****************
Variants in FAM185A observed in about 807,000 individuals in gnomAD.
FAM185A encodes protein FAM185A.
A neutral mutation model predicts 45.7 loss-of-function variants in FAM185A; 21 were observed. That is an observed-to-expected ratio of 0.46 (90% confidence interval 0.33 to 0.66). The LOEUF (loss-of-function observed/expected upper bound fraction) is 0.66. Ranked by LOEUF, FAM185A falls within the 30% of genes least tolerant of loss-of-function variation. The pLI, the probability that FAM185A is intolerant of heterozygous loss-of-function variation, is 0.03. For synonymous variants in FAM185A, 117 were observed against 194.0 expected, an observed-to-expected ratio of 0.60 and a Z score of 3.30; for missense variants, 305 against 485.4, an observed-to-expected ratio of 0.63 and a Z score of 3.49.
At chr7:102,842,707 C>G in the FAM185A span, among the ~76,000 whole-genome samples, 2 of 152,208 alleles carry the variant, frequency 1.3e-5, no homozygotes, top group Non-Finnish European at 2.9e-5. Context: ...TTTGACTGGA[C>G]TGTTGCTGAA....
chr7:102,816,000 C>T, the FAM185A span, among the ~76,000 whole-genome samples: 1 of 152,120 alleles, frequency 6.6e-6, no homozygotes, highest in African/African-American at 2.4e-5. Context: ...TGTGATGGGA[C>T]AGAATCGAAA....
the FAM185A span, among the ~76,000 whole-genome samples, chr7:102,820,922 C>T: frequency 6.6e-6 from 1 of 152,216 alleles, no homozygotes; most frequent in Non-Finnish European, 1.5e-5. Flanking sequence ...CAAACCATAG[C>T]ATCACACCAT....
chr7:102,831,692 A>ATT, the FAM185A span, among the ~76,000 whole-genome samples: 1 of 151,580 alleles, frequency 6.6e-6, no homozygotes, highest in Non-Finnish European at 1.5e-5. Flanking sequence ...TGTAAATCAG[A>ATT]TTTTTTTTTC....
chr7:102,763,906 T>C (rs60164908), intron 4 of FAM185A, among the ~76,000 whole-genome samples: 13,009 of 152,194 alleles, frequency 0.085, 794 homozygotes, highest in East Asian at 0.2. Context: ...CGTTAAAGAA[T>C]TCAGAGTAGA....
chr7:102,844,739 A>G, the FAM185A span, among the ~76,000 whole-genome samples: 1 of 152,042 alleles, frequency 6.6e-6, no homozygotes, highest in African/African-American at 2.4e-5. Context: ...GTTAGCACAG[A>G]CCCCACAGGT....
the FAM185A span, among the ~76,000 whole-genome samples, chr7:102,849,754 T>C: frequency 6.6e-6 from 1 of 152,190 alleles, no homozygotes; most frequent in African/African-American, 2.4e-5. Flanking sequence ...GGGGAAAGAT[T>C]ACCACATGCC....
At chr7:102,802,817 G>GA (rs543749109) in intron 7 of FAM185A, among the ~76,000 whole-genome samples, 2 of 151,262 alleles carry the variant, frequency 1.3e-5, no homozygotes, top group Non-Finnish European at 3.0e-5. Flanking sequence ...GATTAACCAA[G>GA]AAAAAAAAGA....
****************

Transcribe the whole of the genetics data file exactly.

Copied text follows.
Variants in FAM185A observed in about 807,000 individuals in gnomAD.
FAM185A encodes protein FAM185A.
A neutral mutation model predicts 45.7 loss-of-function variants in FAM185A; 21 were observed. That is an observed-to-expected ratio of 0.46 (90% confidence interval 0.33 to 0.66). The LOEUF (loss-of-function observed/expected upper bound fraction) is 0.66. Ranked by LOEUF, FAM185A falls within the 30% of genes least tolerant of loss-of-function variation. The pLI, the probability that FAM185A is intolerant of heterozygous loss-of-function variation, is 0.03. For synonymous variants in FAM185A, 117 were observed against 194.0 expected, an observed-to-expected ratio of 0.60 and a Z score of 3.30; for missense variants, 305 against 485.4, an observed-to-expected ratio of 0.63 and a Z score of 3.49.
At chr7:102,842,707 C>G in the FAM185A span, among the ~76,000 whole-genome samples, 2 of 152,208 alleles carry the variant, frequency 1.3e-5, no homozygotes, top group Non-Finnish European at 2.9e-5. Context: ...TTTGACTGGA[C>G]TGTTGCTGAA....
chr7:102,816,000 C>T, the FAM185A span, among the ~76,000 whole-genome samples: 1 of 152,120 alleles, frequency 6.6e-6, no homozygotes, highest in African/African-American at 2.4e-5. Context: ...TGTGATGGGA[C>T]AGAATCGAAA....
the FAM185A span, among the ~76,000 whole-genome samples, chr7:102,820,922 C>T: frequency 6.6e-6 from 1 of 152,216 alleles, no homozygotes; most frequent in Non-Finnish European, 1.5e-5. Flanking sequence ...CAAACCATAG[C>T]ATCACACCAT....
chr7:102,831,692 A>ATT, the FAM185A span, among the ~76,000 whole-genome samples: 1 of 151,580 alleles, frequency 6.6e-6, no homozygotes, highest in Non-Finnish European at 1.5e-5. Flanking sequence ...TGTAAATCAG[A>ATT]TTTTTTTTTC....
chr7:102,763,906 T>C (rs60164908), intron 4 of FAM185A, among the ~76,000 whole-genome samples: 13,009 of 152,194 alleles, frequency 0.085, 794 homozygotes, highest in East Asian at 0.2. Context: ...CGTTAAAGAA[T>C]TCAGAGTAGA....
chr7:102,844,739 A>G, the FAM185A span, among the ~76,000 whole-genome samples: 1 of 152,042 alleles, frequency 6.6e-6, no homozygotes, highest in African/African-American at 2.4e-5. Context: ...GTTAGCACAG[A>G]CCCCACAGGT....
the FAM185A span, among the ~76,000 whole-genome samples, chr7:102,849,754 T>C: frequency 6.6e-6 from 1 of 152,190 alleles, no homozygotes; most frequent in African/African-American, 2.4e-5. Flanking sequence ...GGGGAAAGAT[T>C]ACCACATGCC....
At chr7:102,802,817 G>GA (rs543749109) in intron 7 of FAM185A, among the ~76,000 whole-genome samples, 2 of 151,262 alleles carry the variant, frequency 1.3e-5, no homozygotes, top group Non-Finnish European at 3.0e-5. Flanking sequence ...GATTAACCAA[G>GA]AAAAAAAAGA....